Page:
Nicole Kipar
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The 1660s
Restoration Costume Comes to Life

Part 4, Page 5
The Whole Look, Accessories: Parasols

Part 1 Part 2 Part 3 Part 4 Part 5
Lower Class Women and Men Gentry and Aristocracy, Women Gentry and Aristocracy, Men The Whole Look: Accessories Costume Focus: Women's Headwear & Neckwear


All of the following images open in a new window for a detailed study.

There are not very many pictures showing parasols, but they are certainly there. This isn't a surprise, because when the Dutch started colonising the East Indies they came across these convenient items and surely brought them back over to Europe. Apart from this parasols have been known throughout the ages but with different impact on different societies.
By the late 1690s there is an English advert for parapluis, and this French word means an umbrella in contrast to a parasol, which is a proof for parasols having bee adapted quickly for rain. Not only that, in this advert collapsible umbrellas are praised. The shape of those later umbrellas or parasols is more like the modern ones.

Minister Seguier waded by black silk parasols carried by his pages. The edge is adorned with a deep gold brush fringe. The shape of the parasol is that of Asian ones still.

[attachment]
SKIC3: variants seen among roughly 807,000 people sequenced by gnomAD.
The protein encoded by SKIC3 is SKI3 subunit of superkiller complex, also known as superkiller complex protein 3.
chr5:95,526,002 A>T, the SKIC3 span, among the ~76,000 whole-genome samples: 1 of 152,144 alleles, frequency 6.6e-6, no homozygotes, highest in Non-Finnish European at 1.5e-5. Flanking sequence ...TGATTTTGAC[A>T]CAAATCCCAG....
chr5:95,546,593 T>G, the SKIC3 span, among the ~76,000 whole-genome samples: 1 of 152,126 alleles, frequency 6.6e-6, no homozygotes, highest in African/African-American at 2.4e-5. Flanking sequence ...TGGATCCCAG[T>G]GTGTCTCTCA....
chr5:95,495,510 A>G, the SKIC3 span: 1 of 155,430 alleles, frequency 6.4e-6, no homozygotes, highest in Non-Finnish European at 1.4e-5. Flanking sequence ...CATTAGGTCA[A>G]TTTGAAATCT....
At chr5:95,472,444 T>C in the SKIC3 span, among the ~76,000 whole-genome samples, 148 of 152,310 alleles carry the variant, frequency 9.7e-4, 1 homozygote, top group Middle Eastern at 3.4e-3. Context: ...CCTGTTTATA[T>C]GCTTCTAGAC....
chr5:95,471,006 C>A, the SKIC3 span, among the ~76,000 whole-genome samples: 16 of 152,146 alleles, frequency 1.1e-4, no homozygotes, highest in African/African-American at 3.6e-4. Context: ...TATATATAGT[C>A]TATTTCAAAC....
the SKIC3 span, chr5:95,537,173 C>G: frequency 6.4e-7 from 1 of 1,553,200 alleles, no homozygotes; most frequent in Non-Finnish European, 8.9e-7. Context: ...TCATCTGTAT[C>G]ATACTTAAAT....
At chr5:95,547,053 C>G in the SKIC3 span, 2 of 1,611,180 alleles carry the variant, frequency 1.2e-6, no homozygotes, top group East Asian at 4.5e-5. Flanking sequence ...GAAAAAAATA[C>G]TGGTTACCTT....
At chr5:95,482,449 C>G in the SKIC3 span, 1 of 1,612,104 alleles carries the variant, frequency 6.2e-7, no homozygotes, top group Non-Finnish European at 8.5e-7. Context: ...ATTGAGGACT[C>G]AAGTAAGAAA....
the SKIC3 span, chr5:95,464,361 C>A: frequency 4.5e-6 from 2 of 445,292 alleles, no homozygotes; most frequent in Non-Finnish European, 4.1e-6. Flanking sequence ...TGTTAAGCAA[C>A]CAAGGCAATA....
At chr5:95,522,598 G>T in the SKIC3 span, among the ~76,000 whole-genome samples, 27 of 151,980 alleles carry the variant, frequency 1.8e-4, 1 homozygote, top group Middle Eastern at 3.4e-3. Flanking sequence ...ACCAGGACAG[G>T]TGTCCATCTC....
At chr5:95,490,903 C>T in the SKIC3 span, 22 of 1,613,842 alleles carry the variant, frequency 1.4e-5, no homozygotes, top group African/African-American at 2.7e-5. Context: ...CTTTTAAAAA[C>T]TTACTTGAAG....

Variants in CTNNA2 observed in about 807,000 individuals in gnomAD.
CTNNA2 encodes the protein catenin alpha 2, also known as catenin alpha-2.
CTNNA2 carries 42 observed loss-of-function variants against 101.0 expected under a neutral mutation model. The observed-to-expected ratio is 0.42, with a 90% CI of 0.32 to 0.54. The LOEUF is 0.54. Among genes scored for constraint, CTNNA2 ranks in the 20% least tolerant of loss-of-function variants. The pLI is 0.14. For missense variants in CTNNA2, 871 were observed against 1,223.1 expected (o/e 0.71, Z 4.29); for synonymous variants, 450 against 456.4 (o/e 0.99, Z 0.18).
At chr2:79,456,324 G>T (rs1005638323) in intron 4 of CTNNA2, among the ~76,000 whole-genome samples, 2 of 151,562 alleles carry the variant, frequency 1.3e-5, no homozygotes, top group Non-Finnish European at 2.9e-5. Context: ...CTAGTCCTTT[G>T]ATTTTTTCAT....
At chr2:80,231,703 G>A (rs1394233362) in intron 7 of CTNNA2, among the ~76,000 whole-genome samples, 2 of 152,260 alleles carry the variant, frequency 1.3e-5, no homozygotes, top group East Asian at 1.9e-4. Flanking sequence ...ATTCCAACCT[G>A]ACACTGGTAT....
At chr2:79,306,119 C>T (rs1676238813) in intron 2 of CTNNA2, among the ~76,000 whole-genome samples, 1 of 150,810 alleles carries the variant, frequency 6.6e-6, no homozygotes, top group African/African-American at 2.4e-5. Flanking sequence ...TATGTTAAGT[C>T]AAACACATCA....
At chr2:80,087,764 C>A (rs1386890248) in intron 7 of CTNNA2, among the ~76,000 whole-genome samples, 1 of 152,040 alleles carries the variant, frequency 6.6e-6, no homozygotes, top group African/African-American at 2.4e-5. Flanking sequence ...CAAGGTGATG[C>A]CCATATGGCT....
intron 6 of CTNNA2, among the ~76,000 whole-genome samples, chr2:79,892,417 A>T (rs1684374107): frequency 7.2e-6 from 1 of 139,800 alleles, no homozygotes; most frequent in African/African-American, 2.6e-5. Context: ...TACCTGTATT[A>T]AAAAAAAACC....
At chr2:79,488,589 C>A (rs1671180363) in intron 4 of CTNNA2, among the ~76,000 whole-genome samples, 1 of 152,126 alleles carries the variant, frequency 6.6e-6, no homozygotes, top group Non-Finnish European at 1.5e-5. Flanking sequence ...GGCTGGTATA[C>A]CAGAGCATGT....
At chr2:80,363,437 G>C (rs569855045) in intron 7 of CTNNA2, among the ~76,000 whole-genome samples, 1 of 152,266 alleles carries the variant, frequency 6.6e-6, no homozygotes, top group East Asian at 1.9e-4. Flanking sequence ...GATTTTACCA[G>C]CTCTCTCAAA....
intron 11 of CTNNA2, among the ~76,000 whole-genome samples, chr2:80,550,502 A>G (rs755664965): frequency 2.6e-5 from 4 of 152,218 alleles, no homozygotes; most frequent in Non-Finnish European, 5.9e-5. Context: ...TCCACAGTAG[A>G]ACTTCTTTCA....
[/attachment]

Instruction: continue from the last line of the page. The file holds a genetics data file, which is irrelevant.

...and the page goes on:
Page carrying his Lady's closed parasol.
A little later, but it still has the shape of the parasols in the 1660s and this one has a fringe as well, which seems to be obligatory.
Late 17th
Later parasol, Italian probably 1690s. It is made from silk and embroidered with coloured silks and gold thread.
The parasol I had made in Thailand. It was made from a thick blue silk and I had the handle lengthened, using a nicely turned banister. The gold metal brush fringe was added by myself. The fringe is so heavy that it pulls the parasol down into a more domed shape.

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Nicole Kipar 1998